October 19, 2010
The Honorable Margaret A. Hamburg, M.D., Commissioner
U. S. Food and Drug Administration (FDA)
10903 New Hampshire Ave.
Silver Spring MD 20993-0002
Subject: Request that the FDA rescind its approval for Gardasil™ as a vaccine to prevent cervical cancer or to prevent genotype-specific human papillomavirus (HPV) infection due to use of an inappropriate primary endpoint and unreliable HPV genotyping methods for efficacy evaluation
Dear Dr. Hamburg:
S.A.N.E. Vax, Inc. is a non-profit organization established to promote safe, affordable, necessary and effective vaccines and vaccination practices. In response to inquiries from families of girls around the world suffering mysterious illnesses and death after HPV vaccination, our team began researching the mechanisms of action of HPV vaccines in general and Gardasil™ in particular.
This research revealed the fact that in November 2001 the VRBPAC committee allowed the vaccine manufacturer, Merck & Co., Inc., to use:
CIN 2/3, AIS, or cervical cancer; i.e. CIN 2/3 or worse by histology- with virology to determine the associated HPV type- as the primary endpoint in the evaluation of a vaccine to prevent cervical cancer. 
Using this primary endpoint for statistical calculation in the clinical trials invalidates the claimed efficacy of Gardasil™ as a vaccine to prevent cervical cancer. The reason is as follows:
It is well known in the natural history of cervical cancer development only a small fraction of the CIN 2 lesions will progress to CIN 3 lesions; and only a small fraction of CIN 3 lesions will progress to cervical cancer. Therefore, there are many more CIN 2 lesions than CIN3 lesions and cervical cancers combined in any female population, including the subjects enrolled in the Gardasil™ clinical trials. As a result, the overwhelming majority of the “CIN 2/3 or worse” cases used for evaluation of efficacy, and listed in the VRBPAC Background Document on Gardasil™ HPV Quadrivalent Vaccine presented at the May 18, 2006 VRBPAC Meeting  must have been CIN 2 lesions.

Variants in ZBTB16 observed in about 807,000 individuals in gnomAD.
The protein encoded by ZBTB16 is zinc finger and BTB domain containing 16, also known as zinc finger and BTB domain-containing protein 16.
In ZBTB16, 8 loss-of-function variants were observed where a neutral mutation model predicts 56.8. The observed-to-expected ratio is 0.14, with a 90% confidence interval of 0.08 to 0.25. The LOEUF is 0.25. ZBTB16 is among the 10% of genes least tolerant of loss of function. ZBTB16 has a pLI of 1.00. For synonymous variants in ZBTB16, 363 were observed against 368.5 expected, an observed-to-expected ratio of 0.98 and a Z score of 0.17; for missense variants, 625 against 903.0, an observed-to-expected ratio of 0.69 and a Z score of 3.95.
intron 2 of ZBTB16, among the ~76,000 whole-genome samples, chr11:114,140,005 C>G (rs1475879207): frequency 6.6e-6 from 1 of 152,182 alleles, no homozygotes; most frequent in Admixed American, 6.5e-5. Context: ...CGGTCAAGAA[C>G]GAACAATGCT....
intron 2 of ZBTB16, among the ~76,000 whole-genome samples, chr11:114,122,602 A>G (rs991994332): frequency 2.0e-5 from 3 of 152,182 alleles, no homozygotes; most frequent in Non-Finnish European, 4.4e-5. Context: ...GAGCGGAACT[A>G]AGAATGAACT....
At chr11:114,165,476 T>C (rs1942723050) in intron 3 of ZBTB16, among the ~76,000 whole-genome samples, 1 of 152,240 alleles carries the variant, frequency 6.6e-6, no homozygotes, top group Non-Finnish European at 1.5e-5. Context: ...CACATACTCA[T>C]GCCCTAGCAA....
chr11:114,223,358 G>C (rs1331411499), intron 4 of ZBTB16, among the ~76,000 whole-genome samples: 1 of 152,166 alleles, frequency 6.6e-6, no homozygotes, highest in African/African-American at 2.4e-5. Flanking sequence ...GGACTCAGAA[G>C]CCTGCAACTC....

A scientific report published by the National Cancer Institute (NCI) concludes:
CIN 2 is not a true biologic entity but an equivocal diagnosis of pre-cancer, representing an admixture of HPV infection and pre-cancer. The existence of CIN 2 biopsy results as a clinical entity may be the consequence of the inaccuracies of colposcopy and colposcopically directed biopsy, which could result in less-than-perfect representation of the underlying disease state. That CIN 2 is the least reproducible of all histopathologic diagnoses may in part reflect sampling error; i.e., the biopsy procedure could make a CIN 1 or HPV infection appear worse by sampling the lesional area diagonally and, thereby, make the lesion appear thicker and could make a CIN 3 lesion appear less severe by only partially sampling the precancerous lesion. 
Two additional NCI reports further confirmed that approximately 40% of undiagnosed CIN 2 will regress over two years  and that even the CIN 3 lesions are heterogeneous. 
Based on the above NCI findings, the data presented in the VRBPAC Background Document on Gardasil™ HPV Quadrivalent Vaccine only supports the claim that Gardasil™ can prevent “an equivocal diagnosis of pre-cancer, representing an admixture of HPV infection and pre-cancer” –about half of which are self-reversing to normal – not cervical cancer which is a malignant lesion at a point of no return to normalcy.
Furthermore, based on a recent NCI document, the only reliable HPV genotyping method is a “PCR system with short target sequences.” However, such a reliable HPV genotyping method was never used to ‘determine the associated HPV type’ in the clinical trials for evaluation of the efficacy of Gardasil™ to prevent type-specific HPV infections. Obviously, any data collected using unreliable methods cannot be used to reliably evaluate the efficacy of any drugs or vaccines.